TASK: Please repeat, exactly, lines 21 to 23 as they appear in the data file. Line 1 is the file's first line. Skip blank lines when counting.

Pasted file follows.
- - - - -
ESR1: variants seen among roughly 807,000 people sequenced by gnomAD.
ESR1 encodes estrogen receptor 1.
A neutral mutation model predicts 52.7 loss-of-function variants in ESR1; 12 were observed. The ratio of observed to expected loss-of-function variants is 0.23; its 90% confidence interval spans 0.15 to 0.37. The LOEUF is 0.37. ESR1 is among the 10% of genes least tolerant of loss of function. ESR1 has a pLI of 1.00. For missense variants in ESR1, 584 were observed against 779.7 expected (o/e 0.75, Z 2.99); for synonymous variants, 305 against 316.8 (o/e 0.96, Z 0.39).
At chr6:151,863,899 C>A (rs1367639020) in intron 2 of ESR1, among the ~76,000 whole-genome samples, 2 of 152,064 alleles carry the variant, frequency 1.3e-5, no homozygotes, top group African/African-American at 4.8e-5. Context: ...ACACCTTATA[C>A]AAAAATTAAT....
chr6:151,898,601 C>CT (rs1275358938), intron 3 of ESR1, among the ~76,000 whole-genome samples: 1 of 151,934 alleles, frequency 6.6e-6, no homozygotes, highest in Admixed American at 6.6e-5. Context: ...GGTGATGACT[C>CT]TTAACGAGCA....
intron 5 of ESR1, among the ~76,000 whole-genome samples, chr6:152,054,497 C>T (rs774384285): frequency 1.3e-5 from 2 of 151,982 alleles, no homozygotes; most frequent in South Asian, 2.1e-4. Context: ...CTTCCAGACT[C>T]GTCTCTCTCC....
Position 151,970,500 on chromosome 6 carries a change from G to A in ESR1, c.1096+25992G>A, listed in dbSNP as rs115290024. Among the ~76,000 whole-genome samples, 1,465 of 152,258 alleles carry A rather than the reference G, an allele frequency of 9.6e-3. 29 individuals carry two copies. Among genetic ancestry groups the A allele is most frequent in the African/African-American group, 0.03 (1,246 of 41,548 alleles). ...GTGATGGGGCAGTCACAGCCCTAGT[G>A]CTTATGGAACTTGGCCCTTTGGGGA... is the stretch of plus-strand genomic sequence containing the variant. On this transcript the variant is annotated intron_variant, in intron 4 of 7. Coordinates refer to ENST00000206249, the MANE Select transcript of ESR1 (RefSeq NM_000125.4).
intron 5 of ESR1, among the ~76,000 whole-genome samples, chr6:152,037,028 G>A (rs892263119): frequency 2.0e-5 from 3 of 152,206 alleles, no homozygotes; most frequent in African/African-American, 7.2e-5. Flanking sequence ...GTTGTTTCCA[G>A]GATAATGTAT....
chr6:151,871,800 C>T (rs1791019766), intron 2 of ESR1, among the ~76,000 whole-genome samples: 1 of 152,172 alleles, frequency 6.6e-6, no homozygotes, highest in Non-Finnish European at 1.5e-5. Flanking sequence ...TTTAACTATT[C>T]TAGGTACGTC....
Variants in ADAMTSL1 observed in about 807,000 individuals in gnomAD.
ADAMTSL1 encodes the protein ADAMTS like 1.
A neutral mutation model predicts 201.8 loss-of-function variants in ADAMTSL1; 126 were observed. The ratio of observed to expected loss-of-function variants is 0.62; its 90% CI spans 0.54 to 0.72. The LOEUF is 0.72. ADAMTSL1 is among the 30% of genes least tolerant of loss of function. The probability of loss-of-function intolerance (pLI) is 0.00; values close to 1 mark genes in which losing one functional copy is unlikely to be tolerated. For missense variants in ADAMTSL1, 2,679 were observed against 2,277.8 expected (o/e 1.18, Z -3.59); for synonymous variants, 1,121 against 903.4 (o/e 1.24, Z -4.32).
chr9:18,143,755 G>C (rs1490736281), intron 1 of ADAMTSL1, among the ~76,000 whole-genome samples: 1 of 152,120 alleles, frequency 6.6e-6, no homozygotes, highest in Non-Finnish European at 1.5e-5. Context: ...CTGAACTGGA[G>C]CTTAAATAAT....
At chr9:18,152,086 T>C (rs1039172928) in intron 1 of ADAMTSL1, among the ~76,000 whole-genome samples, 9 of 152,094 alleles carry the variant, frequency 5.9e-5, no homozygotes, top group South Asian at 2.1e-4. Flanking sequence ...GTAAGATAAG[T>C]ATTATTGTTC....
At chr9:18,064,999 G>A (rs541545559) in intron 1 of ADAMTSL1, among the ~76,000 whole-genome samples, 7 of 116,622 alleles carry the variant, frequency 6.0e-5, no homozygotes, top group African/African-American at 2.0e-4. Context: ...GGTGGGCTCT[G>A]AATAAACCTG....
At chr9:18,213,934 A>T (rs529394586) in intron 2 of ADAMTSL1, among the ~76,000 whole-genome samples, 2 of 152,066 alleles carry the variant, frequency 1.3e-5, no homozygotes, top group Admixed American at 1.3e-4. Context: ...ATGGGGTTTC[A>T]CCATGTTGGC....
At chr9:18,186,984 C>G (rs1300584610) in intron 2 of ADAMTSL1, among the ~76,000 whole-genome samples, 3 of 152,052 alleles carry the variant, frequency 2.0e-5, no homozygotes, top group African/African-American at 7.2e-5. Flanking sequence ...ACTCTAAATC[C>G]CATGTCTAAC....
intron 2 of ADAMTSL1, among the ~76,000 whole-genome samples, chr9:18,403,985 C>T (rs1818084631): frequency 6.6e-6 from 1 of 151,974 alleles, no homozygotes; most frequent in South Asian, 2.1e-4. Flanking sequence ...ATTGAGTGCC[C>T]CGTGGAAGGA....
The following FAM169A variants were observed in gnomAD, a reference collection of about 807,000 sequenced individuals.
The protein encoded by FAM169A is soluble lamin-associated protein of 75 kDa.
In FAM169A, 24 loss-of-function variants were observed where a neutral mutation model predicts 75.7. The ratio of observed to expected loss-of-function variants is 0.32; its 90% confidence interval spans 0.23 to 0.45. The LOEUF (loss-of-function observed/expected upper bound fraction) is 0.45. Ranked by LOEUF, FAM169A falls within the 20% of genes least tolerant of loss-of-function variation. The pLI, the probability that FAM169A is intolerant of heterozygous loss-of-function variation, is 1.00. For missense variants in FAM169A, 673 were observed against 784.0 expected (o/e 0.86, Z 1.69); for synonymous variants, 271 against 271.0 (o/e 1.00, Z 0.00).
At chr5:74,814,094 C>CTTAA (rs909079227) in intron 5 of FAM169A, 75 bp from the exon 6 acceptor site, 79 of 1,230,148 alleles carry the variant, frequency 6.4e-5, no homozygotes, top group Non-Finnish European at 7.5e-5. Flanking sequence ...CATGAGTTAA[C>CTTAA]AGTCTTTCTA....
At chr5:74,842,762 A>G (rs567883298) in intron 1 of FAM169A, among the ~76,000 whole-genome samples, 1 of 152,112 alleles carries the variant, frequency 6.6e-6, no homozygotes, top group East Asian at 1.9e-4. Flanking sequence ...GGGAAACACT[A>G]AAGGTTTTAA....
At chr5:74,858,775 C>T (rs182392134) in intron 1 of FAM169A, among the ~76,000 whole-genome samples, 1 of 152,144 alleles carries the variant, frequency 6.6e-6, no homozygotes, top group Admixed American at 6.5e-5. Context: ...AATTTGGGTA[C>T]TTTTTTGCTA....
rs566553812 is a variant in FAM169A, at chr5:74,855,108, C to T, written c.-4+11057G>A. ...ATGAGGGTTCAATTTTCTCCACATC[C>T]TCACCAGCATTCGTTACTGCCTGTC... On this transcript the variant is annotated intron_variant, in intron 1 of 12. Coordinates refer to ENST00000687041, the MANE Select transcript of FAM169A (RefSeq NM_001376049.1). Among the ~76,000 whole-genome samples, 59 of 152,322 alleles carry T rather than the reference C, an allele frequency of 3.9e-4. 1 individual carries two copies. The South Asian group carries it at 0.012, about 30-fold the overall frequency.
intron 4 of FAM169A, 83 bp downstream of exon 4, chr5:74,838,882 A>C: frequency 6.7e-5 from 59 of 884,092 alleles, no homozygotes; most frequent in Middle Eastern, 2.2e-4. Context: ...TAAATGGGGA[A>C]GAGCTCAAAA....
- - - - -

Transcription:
In FAM169A, 24 loss-of-function variants were observed where a neutral mutation model predicts 75.7. The ratio of observed to expected loss-of-function variants is 0.32; its 90% confidence interval spans 0.23 to 0.45. The LOEUF (loss-of-function observed/expected upper bound fraction) is 0.45. Ranked by LOEUF, FAM169A falls within the 20% of genes least tolerant of loss-of-function variation. The pLI, the probability that FAM169A is intolerant of heterozygous loss-of-function variation, is 1.00. For missense variants in FAM169A, 673 were observed against 784.0 expected (o/e 0.86, Z 1.69); for synonymous variants, 271 against 271.0 (o/e 1.00, Z 0.00).
At chr5:74,814,094 C>CTTAA (rs909079227) in intron 5 of FAM169A, 75 bp from the exon 6 acceptor site, 79 of 1,230,148 alleles carry the variant, frequency 6.4e-5, no homozygotes, top group Non-Finnish European at 7.5e-5. Flanking sequence ...CATGAGTTAA[C>CTTAA]AGTCTTTCTA....
At chr5:74,842,762 A>G (rs567883298) in intron 1 of FAM169A, among the ~76,000 whole-genome samples, 1 of 152,112 alleles carries the variant, frequency 6.6e-6, no homozygotes, top group East Asian at 1.9e-4. Flanking sequence ...GGGAAACACT[A>G]AAGGTTTTAA....